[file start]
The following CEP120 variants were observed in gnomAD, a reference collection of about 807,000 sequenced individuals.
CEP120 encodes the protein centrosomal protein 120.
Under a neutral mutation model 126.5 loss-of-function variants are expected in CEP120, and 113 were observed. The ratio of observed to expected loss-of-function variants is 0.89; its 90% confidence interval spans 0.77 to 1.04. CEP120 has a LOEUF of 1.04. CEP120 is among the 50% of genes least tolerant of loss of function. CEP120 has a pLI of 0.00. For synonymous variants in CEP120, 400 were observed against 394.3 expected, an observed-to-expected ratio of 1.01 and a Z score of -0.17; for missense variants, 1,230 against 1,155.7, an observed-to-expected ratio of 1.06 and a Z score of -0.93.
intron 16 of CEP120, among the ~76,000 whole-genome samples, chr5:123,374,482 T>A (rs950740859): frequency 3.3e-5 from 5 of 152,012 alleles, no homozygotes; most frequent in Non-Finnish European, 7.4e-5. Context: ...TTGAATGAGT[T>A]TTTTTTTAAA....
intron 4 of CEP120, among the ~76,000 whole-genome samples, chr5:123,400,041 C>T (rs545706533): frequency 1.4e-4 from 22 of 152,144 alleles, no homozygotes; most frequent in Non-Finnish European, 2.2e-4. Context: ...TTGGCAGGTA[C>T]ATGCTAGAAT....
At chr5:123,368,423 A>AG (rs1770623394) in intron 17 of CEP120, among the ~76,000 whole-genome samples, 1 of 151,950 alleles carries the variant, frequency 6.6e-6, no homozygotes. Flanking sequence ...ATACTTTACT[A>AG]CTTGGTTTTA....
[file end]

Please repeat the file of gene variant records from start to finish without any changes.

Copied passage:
The following CEP120 variants were observed in gnomAD, a reference collection of about 807,000 sequenced individuals.
CEP120 encodes the protein centrosomal protein 120.
Under a neutral mutation model 126.5 loss-of-function variants are expected in CEP120, and 113 were observed. The ratio of observed to expected loss-of-function variants is 0.89; its 90% confidence interval spans 0.77 to 1.04. CEP120 has a LOEUF of 1.04. CEP120 is among the 50% of genes least tolerant of loss of function. CEP120 has a pLI of 0.00. For synonymous variants in CEP120, 400 were observed against 394.3 expected, an observed-to-expected ratio of 1.01 and a Z score of -0.17; for missense variants, 1,230 against 1,155.7, an observed-to-expected ratio of 1.06 and a Z score of -0.93.
intron 16 of CEP120, among the ~76,000 whole-genome samples, chr5:123,374,482 T>A (rs950740859): frequency 3.3e-5 from 5 of 152,012 alleles, no homozygotes; most frequent in Non-Finnish European, 7.4e-5. Context: ...TTGAATGAGT[T>A]TTTTTTTAAA....
intron 4 of CEP120, among the ~76,000 whole-genome samples, chr5:123,400,041 C>T (rs545706533): frequency 1.4e-4 from 22 of 152,144 alleles, no homozygotes; most frequent in Non-Finnish European, 2.2e-4. Context: ...TTGGCAGGTA[C>T]ATGCTAGAAT....
At chr5:123,368,423 A>AG (rs1770623394) in intron 17 of CEP120, among the ~76,000 whole-genome samples, 1 of 151,950 alleles carries the variant, frequency 6.6e-6, no homozygotes. Flanking sequence ...ATACTTTACT[A>AG]CTTGGTTTTA....